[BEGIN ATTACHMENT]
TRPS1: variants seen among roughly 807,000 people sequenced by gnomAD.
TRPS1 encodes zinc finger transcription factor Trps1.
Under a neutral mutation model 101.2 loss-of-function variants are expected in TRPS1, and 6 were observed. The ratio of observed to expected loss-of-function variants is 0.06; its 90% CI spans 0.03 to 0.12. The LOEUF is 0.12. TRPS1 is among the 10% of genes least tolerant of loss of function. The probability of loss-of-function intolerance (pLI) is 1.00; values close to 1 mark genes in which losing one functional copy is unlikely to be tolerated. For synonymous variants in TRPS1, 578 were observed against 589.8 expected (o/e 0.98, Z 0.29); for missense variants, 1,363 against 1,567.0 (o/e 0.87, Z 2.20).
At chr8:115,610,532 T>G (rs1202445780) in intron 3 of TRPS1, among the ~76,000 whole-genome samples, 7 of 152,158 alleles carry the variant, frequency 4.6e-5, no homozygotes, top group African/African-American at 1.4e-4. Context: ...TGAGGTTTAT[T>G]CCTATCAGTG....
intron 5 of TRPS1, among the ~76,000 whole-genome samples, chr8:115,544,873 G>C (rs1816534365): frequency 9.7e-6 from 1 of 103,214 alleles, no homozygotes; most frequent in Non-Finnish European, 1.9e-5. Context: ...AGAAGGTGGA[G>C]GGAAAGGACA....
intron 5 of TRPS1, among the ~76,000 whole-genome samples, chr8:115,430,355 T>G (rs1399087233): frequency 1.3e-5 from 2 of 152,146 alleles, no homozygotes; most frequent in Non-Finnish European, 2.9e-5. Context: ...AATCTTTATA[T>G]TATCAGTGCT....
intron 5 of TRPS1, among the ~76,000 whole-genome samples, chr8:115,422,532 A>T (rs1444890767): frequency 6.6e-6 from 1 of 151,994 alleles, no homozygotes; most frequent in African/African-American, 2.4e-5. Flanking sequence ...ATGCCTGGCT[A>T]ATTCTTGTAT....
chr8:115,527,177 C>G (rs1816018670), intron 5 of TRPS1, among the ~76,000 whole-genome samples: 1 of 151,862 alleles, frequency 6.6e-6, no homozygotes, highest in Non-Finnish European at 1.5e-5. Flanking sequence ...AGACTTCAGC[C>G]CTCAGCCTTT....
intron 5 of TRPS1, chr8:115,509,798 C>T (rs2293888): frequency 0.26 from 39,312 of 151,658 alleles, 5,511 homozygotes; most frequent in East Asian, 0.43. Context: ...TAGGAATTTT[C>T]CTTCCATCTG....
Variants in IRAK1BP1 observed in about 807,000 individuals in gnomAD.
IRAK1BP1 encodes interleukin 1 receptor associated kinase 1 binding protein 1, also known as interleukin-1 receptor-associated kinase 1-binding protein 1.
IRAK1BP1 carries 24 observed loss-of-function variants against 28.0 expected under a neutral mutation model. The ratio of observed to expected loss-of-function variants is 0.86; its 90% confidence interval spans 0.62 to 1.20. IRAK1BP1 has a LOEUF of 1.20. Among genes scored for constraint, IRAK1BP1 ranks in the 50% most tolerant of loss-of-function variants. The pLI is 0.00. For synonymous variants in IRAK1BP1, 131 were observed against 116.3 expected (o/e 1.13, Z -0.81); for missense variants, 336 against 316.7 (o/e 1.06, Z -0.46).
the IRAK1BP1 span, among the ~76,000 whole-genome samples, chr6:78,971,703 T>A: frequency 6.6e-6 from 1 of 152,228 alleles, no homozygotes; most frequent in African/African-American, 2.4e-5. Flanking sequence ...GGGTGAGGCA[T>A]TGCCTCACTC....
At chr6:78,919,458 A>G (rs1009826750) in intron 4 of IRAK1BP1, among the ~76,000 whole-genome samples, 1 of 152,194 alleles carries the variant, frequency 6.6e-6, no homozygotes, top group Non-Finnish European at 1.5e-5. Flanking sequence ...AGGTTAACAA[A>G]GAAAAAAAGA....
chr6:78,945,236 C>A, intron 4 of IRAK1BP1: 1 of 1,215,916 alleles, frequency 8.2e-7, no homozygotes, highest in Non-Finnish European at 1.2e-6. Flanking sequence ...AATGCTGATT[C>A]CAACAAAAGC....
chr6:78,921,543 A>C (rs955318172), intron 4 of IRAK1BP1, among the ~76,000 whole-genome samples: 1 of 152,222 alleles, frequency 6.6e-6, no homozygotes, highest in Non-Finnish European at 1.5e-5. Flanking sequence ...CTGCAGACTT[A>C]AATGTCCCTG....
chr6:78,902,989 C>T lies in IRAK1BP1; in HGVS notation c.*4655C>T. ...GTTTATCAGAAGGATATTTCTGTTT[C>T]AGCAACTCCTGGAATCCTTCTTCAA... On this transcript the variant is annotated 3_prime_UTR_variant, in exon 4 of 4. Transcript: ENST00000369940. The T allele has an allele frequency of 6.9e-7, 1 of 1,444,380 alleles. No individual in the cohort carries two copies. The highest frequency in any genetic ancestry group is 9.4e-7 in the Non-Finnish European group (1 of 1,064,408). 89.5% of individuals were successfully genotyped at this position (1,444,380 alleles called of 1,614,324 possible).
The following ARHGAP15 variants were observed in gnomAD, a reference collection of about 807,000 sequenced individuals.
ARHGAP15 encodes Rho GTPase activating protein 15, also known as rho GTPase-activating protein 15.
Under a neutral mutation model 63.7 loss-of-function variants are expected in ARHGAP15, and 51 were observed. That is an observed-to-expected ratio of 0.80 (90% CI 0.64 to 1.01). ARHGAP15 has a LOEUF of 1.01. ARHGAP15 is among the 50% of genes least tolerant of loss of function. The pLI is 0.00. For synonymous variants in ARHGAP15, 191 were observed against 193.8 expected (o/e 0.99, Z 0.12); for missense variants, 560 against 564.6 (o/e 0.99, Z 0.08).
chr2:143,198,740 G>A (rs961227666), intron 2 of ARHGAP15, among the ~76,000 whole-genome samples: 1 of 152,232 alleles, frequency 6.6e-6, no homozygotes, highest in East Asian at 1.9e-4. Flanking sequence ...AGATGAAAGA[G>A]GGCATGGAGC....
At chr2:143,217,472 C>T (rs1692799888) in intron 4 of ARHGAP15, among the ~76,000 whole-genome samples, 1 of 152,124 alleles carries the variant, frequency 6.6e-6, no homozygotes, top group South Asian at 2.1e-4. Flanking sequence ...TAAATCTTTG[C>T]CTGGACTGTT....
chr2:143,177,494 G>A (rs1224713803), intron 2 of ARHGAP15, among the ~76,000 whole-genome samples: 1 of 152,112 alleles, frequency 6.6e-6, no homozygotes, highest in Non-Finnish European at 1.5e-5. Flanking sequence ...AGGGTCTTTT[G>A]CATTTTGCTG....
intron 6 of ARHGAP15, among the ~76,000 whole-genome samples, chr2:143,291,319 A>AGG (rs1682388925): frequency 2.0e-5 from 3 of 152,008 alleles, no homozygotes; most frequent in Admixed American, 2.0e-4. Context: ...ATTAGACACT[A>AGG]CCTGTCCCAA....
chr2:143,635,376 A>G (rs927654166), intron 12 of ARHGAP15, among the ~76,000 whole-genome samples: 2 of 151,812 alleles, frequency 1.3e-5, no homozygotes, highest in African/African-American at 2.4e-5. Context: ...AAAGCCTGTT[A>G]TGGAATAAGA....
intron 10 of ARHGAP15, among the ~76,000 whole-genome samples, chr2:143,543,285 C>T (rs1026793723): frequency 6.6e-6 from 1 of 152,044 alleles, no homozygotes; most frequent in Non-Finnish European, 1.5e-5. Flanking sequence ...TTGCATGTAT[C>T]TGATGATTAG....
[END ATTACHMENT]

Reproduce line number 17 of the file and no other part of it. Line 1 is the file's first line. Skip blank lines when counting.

chr6:78,902,989 C>T lies in IRAK1BP1; in HGVS notation c.*4655C>T. ...GTTTATCAGAAGGATATTTCTGTTT[C>T]AGCAACTCCTGGAATCCTTCTTCAA... On this transcript the variant is annotated 3_prime_UTR_variant, in exon 4 of 4. Transcript: ENST00000369940. The T allele has an allele frequency of 6.9e-7, 1 of 1,444,380 alleles. No individual in the cohort carries two copies. The highest frequency in any genetic ancestry group is 9.4e-7 in the Non-Finnish European group (1 of 1,064,408). 89.5% of individuals were successfully genotyped at this position (1,444,380 alleles called of 1,614,324 possible).